Search Images Maps Play YouTube News Gmail Drive More »
Sign in
Screen reader users: click this link for accessible mode. Accessible mode has the same essential features but works better with your reader.

Patents

  1. Advanced Patent Search
Publication numberUS5169560 A
Publication typeGrant
Application numberUS 07/583,884
Publication dateDec 8, 1992
Filing dateSep 17, 1990
Priority dateSep 17, 1990
Fee statusLapsed
Publication number07583884, 583884, US 5169560 A, US 5169560A, US-A-5169560, US5169560 A, US5169560A
InventorsPaul R. Hart
Original AssigneeBetz Laboratories, Inc.
Export CitationBiBTeX, EndNote, RefMan
External Links: USPTO, USPTO Assignment, Espacenet
Control of foam in hydrocarbon fluids
US 5169560 A
Abstract
A method and composition for foam control in non-aqueous systems utilizing sulfonate or phosphinate compounds. The method is especially well adapted for use in oil distillation units and coking of crude oil residues.
Images(4)
Previous page
Next page
Claims(9)
I claim:
1. A composition for controlling foam in a non-aqueous system which comprises an organic sulfonate and finely divided carbon.
2. A composition as in claim 1 wherein the organic sulfonate is petroleum sodium sulfonate.
3. A composition as in claim 1 wherein the organic sulfonate is petroleum calcium sulfonate.
4. A composition as in claim 1 wherein the organic sulfonate is dinonyl napthalene calcium sulfonate.
5. A composition as in claim 1 wherein the organic sulfonate is dodecyldiphenyl oxide di-sodium sulfonate.
6. A composition as in claim 1 wherein the organic sulfonate is decyldiphenyl oxide di-sodium sulfonate.
7. A composition as in claim 1 wherein the organic sulfonate is dioctyl sodium sulfosuccinate.
8. A composition as in claim 1 wherein the finely divided carbon is coke.
9. A composition as in claim 1 wherein the finely divided carbon is graphite.
Description
FIELD OF THE INVENTION

This invention relates to the control of foam in hydrocarbon fluids. Specifically, this invention relates to the control of foam in oil at the high temperatures that often occur during the distillation of crude oil or the coking of crude oil.

BACKGROUND OF THE INVENTION

The formation of foam is a most undesirable result in most industries as it has a direct and drastic effect upon production efficiency and accordingly the economics of a system or a process.

Foam can be created either chemically or mechanically and is the result of dispersions of gas in the liquid. The gas is the discontinuous phase in the continuous liquid phase. The gas makes up the larger portion of the foam and as a result, the bubbles are separated by a thin liquid film.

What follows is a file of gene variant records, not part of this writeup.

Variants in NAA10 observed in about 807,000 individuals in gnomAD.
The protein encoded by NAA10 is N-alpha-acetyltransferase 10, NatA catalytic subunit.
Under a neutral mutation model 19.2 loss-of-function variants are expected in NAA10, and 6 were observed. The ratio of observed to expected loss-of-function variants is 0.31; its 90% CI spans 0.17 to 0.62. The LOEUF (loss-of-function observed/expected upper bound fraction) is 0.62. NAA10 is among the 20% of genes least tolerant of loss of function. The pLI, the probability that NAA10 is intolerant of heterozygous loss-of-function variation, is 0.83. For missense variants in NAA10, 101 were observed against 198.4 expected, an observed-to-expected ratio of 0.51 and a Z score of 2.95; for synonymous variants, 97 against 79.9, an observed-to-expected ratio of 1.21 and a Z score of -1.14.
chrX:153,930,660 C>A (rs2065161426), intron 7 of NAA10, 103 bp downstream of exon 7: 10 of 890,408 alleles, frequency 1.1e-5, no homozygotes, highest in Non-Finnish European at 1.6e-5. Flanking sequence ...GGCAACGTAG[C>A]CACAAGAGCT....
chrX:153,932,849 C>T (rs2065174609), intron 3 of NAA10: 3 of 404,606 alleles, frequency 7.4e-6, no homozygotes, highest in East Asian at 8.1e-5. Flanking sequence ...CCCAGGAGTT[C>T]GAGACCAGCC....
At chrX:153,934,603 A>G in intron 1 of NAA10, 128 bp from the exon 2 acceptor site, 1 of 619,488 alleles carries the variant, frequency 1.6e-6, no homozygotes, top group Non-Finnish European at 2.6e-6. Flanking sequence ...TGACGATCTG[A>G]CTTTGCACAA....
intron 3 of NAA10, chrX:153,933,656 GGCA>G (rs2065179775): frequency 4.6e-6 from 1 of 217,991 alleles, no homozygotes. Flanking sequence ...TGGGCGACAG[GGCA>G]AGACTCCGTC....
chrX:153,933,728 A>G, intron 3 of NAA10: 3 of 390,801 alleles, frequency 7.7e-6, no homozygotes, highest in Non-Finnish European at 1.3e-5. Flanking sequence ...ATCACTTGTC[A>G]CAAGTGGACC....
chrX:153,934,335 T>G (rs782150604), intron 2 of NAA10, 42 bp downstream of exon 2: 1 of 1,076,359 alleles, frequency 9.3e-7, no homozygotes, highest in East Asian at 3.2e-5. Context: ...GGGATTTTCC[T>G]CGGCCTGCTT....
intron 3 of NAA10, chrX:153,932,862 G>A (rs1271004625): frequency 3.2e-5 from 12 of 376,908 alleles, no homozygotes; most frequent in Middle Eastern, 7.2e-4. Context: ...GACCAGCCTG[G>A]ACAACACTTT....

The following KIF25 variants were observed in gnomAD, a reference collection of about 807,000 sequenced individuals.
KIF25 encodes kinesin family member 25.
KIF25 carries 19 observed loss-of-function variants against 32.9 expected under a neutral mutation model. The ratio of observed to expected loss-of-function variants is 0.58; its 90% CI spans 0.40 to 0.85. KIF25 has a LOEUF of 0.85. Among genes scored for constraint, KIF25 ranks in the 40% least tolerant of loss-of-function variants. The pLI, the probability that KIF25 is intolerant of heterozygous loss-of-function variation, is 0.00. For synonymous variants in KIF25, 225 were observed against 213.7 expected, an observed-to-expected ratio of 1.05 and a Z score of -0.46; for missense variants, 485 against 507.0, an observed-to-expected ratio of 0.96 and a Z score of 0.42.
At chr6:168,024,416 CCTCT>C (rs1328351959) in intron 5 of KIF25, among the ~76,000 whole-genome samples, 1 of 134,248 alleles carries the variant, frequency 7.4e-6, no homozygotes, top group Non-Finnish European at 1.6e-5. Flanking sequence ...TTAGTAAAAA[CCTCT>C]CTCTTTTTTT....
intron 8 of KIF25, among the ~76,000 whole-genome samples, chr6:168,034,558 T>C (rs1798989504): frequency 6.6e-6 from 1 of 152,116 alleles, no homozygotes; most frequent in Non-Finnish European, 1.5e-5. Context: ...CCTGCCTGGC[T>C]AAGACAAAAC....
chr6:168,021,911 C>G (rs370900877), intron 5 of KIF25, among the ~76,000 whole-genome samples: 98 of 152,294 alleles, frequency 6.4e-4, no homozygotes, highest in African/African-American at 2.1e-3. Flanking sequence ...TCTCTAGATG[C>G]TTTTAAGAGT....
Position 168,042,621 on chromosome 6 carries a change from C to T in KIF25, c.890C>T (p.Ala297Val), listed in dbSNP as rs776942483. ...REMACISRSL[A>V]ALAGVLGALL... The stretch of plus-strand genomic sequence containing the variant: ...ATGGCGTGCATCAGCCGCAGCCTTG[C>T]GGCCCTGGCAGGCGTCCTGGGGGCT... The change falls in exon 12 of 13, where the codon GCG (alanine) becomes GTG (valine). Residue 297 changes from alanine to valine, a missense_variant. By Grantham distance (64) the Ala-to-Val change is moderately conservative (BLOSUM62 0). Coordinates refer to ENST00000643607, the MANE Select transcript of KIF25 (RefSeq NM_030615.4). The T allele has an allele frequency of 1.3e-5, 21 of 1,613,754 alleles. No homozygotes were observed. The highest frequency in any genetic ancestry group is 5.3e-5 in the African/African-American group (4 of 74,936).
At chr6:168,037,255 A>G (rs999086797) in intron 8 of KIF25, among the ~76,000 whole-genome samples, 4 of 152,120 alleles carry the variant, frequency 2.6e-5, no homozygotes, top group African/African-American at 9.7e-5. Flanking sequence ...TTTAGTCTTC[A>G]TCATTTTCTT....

Foams can occur in diverse industrial fields. The problems they cause range from an unaesthetic appearance to foams that are actually hazardous. Foam problems are common in paper manufacturing, textile dyeing, phosphoric acid processes, photographic applications, fermentation, polymerization and distillation and oil refining. If not controlled, foam can decrease equipment capacity by occupying space designed for fluids or gases. This increases processing time and expense and can cause other system disadvantages, such as foamover, where the liquid that is supposed to stay in the bottom of the vessel is carried out the top by the foam.

Crude oil towers and cokers operating at high temperatures can produce foam in their hydrocarbon products which in turn diminishes the efficiency and effectiveness of the tower or coker, degrading the quality of the overhead products such as gasoline and gas oils.

All of the effective anti-foaming agents known in the industry are silicone (dimethyl polysiloxane) based.

One problem with the use of silicone-based defoamers is that they are expensive to use. Another problem that is significant to the oil industry is that using silicone-based defoamers poison downstream catalysts with silicon carryover and residues.

With the foregoing in mind, the present inventor embarked upon a comprehensive study in an attempt to obtain a foam controller that does not possess the limitations of silicone-based foam controllers.

Accordingly, it is an object of the present invention to provide a method of foam control of hydrocarbon fluids at high temperatures by the use of sulfonate or phosphonate compounds.

Further, it is an object of the present invention to control foam in a less expensive manner than silicone-based controllers.

Further still, it is an object of the present invention to use foam controllers that will not poison downstream catalysts in a hydrocarbon distillation system.

Other objects of the present invention will become apparent from the detailed description given herein.

GENERAL DESCRIPTION OF THE INVENTION

The present invention relates to the method of adding sulfonate or phosphonate compounds to a hydrocarbon fluid to prevent foaming. These compounds can be added directly to the source of foaming or upstream as the situation dictates.

The sulfonate and phosphonate compounds are particularly effective in high temperature (300-1000 F.) hydrocarbon fluids such as those found in the distillation and coking of crude oils. These sulfonate and phosphonate compounds are less expensive than silicone-based compounds and are commercially available.

DESCRIPTION OF THE RELATED ART

U.S. Pat. No. 4,005,044 (Raleigh) discloses the use of a dimethylpolysiloxane fluid in the solution of an emulsifying agent as a defoamer. The patent indicates that silicone fluids are well known in the art of defoamers.

U.S. Pat. No. 3,723,342 (Shane et al.) discloses the use of calcium petroleum sulfonate as a spreading agent in an aqueous defoamer composition. The composition is primarily aliphatic diamide and a low viscosity mineral oil as the carrier for the defoaming agent. The calcium petroleum sulfonate acts primarily as a surfactant in the aqueous system.